I recently saw a post on Facebook where one family are writing down all the things they wish they could do, as and when they miss them. They put them in a jar to work their way through when our travel restrictions have been lifted again. Maybe we could all do a similar equestrian version! I for one have always wanted to do the Burghley Cross Country ride and have always claimed it’s too far to drive for a fun ride.... god I wish I could just drive somewhere now!
Tidy up the yard, if you’re in a position to do so. Is there anything more pleasing than walking on to the yard and seeing everything in its place, or freshly painted, jet washed and scrubbed?
Go through your rug collection... Yes your collection, no you don’t need 17 stable rugs for one horse. Yes I know they might come in handy if we get a real Siberian blast next winter that leaves us snowed in until June, but you’ve just ordered another in the sale.
Groom your horse... when was the last time you set aside some time to really, really groom your horse. We’re all guilty of overlooking it in favour of trying to master leg yield. To think, when I was 7 years old I would have sold my mum and dad for just an hour with anyone’s pony and grooming kit. I’ve lost my way...
Clean the lorry! I need not say anymore.
For when you’re stuck at home... ignite your inspiration again. When was the last time you got to sit at home with no rush to be anywhere else and just indulge in your own inspiration? Re-watch Badminton of past years, subscribe to a training website such as wehorse.com and watch the top riders’ training videos, visit horsemart.co.uk and look for your future Olympic partner or read veterinary articles about all those things you hear about but don’t know about and learn something new. Make some plans. Training plans, competition plans, personal goals. It can be anything you like. We all know the benefits to writing down our goals and then structuring a plan around them.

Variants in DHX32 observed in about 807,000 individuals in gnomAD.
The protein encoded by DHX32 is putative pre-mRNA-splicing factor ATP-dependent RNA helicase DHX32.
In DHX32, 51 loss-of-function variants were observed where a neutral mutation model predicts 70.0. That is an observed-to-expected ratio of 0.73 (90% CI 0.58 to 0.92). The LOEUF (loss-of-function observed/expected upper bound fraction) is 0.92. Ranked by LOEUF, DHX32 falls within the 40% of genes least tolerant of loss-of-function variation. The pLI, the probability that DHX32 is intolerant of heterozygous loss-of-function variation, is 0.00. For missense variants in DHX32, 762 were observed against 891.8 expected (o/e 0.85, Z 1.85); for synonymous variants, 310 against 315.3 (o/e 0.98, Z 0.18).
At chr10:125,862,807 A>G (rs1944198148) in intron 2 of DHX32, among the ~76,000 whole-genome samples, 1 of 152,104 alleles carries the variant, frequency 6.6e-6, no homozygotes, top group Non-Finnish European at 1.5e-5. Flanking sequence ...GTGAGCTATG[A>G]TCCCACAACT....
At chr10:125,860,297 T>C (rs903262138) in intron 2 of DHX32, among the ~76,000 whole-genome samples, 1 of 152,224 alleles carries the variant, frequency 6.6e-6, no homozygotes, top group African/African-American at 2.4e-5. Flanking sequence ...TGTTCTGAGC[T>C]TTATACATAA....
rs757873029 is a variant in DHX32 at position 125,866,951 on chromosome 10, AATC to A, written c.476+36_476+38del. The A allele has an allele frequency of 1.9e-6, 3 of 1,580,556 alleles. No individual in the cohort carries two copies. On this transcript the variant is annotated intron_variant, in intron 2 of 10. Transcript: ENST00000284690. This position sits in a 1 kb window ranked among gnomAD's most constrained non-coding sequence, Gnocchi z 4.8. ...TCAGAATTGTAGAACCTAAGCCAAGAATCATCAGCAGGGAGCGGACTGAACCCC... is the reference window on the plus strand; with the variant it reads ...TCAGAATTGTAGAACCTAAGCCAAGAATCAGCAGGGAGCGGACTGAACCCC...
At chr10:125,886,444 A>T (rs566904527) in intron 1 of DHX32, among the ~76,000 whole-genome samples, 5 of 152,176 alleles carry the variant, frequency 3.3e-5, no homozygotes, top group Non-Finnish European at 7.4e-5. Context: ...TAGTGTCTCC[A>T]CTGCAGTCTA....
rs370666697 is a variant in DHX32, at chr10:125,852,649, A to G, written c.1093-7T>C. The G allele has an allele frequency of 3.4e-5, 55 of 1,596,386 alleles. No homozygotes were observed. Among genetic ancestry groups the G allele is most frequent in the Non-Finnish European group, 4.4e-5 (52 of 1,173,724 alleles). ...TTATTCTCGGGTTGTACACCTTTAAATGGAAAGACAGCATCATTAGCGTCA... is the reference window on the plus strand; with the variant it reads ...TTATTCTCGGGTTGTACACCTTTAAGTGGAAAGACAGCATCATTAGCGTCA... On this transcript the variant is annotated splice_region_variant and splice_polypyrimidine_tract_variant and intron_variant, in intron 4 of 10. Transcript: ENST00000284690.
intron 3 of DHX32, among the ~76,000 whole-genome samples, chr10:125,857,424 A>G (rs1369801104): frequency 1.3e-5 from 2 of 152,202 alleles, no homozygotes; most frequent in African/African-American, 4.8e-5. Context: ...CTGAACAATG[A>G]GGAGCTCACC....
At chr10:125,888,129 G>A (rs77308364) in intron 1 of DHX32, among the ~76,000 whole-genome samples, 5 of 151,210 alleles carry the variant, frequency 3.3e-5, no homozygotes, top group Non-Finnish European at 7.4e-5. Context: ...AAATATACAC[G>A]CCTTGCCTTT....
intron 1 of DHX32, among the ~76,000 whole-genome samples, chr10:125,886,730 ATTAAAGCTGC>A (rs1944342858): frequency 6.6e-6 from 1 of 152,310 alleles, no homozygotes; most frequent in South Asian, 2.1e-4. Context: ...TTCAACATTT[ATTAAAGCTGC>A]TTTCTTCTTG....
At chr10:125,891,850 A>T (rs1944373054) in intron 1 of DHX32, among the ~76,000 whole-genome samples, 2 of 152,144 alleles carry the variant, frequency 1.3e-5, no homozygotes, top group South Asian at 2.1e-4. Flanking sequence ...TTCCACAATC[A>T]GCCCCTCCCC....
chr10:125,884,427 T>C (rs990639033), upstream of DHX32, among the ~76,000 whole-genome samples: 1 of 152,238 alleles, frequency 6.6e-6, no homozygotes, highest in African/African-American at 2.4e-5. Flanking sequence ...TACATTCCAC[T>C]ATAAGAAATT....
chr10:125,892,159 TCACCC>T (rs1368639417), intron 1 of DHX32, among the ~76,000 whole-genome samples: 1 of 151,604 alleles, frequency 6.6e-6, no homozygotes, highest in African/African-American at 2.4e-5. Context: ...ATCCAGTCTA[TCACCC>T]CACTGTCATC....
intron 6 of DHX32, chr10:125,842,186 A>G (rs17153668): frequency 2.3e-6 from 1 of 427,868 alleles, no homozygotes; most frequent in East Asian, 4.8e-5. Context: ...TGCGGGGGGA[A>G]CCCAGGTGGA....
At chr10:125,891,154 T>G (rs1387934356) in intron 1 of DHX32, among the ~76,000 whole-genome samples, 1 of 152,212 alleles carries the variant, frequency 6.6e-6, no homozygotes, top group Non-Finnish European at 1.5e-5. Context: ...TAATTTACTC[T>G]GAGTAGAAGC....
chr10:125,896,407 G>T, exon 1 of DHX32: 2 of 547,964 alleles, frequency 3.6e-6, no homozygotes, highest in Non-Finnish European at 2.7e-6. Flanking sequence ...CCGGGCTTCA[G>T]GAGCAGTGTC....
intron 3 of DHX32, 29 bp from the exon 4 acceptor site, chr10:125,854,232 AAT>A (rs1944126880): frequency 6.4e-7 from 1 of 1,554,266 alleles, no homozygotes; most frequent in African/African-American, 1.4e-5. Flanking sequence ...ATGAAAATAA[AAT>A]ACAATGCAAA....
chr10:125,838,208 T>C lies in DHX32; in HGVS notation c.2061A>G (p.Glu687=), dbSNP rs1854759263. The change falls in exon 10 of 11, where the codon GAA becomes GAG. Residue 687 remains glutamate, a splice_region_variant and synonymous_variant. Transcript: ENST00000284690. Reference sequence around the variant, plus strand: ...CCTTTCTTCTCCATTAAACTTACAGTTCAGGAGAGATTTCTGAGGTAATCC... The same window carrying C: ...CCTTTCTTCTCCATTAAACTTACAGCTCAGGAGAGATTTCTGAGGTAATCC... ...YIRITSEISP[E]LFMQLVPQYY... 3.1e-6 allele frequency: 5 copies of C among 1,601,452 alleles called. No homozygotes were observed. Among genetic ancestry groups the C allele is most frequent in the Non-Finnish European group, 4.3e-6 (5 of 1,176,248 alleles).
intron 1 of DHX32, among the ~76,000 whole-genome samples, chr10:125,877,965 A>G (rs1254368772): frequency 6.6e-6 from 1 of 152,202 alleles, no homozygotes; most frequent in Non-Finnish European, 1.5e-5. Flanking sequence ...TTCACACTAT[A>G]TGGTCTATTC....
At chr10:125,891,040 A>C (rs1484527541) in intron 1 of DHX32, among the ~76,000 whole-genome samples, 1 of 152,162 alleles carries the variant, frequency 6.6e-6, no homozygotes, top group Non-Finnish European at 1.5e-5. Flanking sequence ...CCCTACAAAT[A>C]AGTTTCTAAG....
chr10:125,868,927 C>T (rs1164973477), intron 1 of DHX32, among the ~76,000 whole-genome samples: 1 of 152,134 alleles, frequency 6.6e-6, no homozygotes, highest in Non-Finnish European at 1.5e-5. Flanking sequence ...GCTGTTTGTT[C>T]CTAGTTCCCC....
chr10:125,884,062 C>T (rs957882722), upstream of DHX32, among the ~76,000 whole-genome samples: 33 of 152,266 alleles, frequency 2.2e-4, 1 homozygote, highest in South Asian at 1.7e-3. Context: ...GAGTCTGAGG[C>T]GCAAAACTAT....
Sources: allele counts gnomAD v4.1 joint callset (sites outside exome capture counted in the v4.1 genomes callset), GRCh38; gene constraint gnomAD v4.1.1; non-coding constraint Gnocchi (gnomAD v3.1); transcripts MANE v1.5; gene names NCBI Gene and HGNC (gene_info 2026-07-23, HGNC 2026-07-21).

I guess exercise is something you could investigate, but honestly I prefer Pringles.
Good things almost always come from terrible things. Amongst the panic and the madness, we’ve been given the rarest of chances to hit the reset button and take a breath. You’re allowed to be a teenager again, without the homework. Unless you’re an actual teenager, in which case, sorry to hear about the homework.
You’re not alone in feeling lost without a routine; we equestrians are creatures of habit after all! But use this quiet time to find a new rhythm. Maybe it’s not so important right now to ride the squarest of square halts or jump clear round the most enormous and technical of courses. Maybe right now it’s about taking a minute to be content, to fall back in love with the thing that gets us out of bed in the morning and keeps us up thinking about it at night, so that once we are allowed to go back out and get on with all the things we want to do, we’re so very grateful and so much more productive for it!
Our horses don’t know about age classes or championships or even pony club camp. They’re happy to be enjoyed all the other days of year as well.
It’s really rubbish right now, and it is incredibly lonely. But how lucky are we to be part of a community and a culture which brings us so much that we find it so hard to say goodbye to, even if it’s just for a short while?
Keep smiling, the world hasn’t ended just yet...